I realize that despite the fact that this blog is supposed to be about archaeology and baking, (however those two things may intersect...if they do at all), it's been pretty heavily weighted toward the baking end of things. So in an effort to focus a little more on archaeology, hopefully without completely boring those of you who are more interested in what I bake, I'm going to start from square one and present to you a little Q & A about archaeology. Here are many of the questions that I am often asked myself, along with a few I just made up.
What is archaeology?
Archaeology is the study of past human culture based on material remains. In other words, it is a way of learning about the lives of humans in the past by looking at what they left behind. We use many tools in this study, from written records, to artifacts (objects created or manipulated by humans), to preserved plant and animal remains.
So you guys just go out and dig in the dirt all day, right?
Not exactly. Excavation is only a small part of archaeology. In fact, the vast majority of archaeological work is done in the office, library, or laboratory and is much less glamorous than popular culture makes it seem. Most of the time archaeology looks like this:
Before an archaeologist can dig, he or she has to do a great deal of preliminary research. And after the excavation is over, there are artifacts to deal with, data to analyze, and reports to write and publish.
And when we're "out in the field", archaeologists do more than just dig. Mapping, surface survey, and remote sensing (survey with fancy machines) are all ways that archaeologists gather data. Digging is just one of many methods we can use.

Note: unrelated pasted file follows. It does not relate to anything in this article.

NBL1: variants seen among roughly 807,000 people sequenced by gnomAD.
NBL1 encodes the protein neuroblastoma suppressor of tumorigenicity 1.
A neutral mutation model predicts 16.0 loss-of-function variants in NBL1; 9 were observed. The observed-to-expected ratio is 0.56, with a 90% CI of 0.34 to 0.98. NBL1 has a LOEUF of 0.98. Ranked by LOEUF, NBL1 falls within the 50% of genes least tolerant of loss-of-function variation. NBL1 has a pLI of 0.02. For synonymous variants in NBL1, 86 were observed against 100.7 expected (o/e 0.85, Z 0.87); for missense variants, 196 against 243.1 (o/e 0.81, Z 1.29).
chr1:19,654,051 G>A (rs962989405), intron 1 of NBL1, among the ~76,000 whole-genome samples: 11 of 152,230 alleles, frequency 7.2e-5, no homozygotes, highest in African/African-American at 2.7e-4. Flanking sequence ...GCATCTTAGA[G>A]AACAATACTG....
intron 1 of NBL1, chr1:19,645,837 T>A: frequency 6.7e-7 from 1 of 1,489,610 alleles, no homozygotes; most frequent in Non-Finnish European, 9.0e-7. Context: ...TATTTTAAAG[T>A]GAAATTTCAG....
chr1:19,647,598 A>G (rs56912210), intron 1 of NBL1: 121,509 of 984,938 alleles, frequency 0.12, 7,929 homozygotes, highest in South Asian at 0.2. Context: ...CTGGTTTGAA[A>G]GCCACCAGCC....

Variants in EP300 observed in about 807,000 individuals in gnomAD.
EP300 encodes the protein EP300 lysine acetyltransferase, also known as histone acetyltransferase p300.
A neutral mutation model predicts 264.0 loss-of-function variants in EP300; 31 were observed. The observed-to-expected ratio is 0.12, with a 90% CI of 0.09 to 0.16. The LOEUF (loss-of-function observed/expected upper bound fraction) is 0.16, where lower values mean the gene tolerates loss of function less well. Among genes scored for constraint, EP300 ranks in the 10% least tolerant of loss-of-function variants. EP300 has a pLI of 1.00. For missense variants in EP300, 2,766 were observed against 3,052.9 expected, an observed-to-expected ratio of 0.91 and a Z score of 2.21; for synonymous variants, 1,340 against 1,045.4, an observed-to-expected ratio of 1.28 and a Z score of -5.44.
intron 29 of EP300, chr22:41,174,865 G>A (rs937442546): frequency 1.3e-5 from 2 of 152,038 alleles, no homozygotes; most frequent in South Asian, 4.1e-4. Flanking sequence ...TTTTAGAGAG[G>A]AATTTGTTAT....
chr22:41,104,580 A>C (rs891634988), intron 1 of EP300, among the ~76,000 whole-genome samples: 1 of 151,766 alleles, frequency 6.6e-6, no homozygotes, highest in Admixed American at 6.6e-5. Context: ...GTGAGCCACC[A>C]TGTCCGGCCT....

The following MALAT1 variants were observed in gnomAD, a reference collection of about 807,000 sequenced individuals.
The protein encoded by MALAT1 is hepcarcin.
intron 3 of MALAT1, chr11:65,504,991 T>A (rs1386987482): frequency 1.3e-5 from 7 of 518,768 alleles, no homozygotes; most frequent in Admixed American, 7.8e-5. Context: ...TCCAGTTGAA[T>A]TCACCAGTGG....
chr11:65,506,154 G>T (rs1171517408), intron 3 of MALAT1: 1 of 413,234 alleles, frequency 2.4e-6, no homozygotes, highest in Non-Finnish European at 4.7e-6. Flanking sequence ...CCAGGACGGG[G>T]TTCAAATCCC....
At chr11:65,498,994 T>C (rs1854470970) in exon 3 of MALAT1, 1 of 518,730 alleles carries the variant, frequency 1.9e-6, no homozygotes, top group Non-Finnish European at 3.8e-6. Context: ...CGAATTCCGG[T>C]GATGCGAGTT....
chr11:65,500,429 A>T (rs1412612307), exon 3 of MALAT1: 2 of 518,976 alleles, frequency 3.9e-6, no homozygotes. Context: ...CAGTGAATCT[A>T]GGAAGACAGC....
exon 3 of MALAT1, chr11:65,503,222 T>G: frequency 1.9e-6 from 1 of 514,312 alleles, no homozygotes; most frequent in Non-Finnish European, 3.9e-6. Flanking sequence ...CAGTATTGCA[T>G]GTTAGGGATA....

Is archaeology a real job? I thought it was just something you study in school.
Believe it or not, you can make a living as an archaeologist. Most archaeologists in the United States work in cultural resource management (CRM). CRM is a field devoted to the protection and management of our nation's cultural resources (archaeological sites, artifacts, historic properties, etc) in the face of a growing and expanding population and rampant development.
Many other archaeologists are educators- teachers and university professors. In addition to teaching courses, they also research, write, and do fieldwork. And of course some archaeologists work in museums, as curators, educators, and exhibit designers.
Do archaeologists dig up dinosaurs?
No. Those are paleontologists.
But I thought--
What does archaeology have to do with baking?
Very little, as far as I can tell. They are just two of my favorite things, and I like to talk about them both. I guess I could study what people baked in the past, or bake ancient recipes (or brew ancient beer), or eat really old food...but let's not get crazy here.
I hope our little conversation has been helpful. I'm always open to more questions, so feel free to ask. And if you're looking for some more interesting archaeology-related stuff, here are some links:
Archaeology 101 from the Archaeological Institute of America: A good introduction to archaeology, plus a handy glossary, bibliography, and review of archaeology-related tv shows and movies.
Archaeology Magazine's Interactive Digs: Black Sea shipwrecks, Civil War prisons, George Washington's distillery (!), and more!
Archaeology Education from Ohio State University: A basic, but thorough, introduction to such topics as archaeological survey, excavation, and Greek history and archaeology.
My pal Bill's blog started out this summer as a chronicle of his archaeological project on Cyprus, so look at the early posts if you want to know what it's like to plan and implement this kind of project. Now he blogs about everything from Byzantine churches to travel in Greece to the history of the University of North Dakota.
Shameless plug: Read about my adventures on an archaeological project in Greece this past summer.
- Part 1: Finally, Greece! (intro)
- Part 2: Greece (about the project)
- Part 3: A day in the life (daily life on the project)
- Part 4: Greek Wine, Rose Jam, and Pigs: Travel in the Peloponnese
Archaeology & Food
The Trouble With Blood: Julie Powell takes on ancient cooking (full article not available online, unfortunately- but the recipes are! I dare someone to make the lamb liquor.)
Moche Foodways Archaeological Project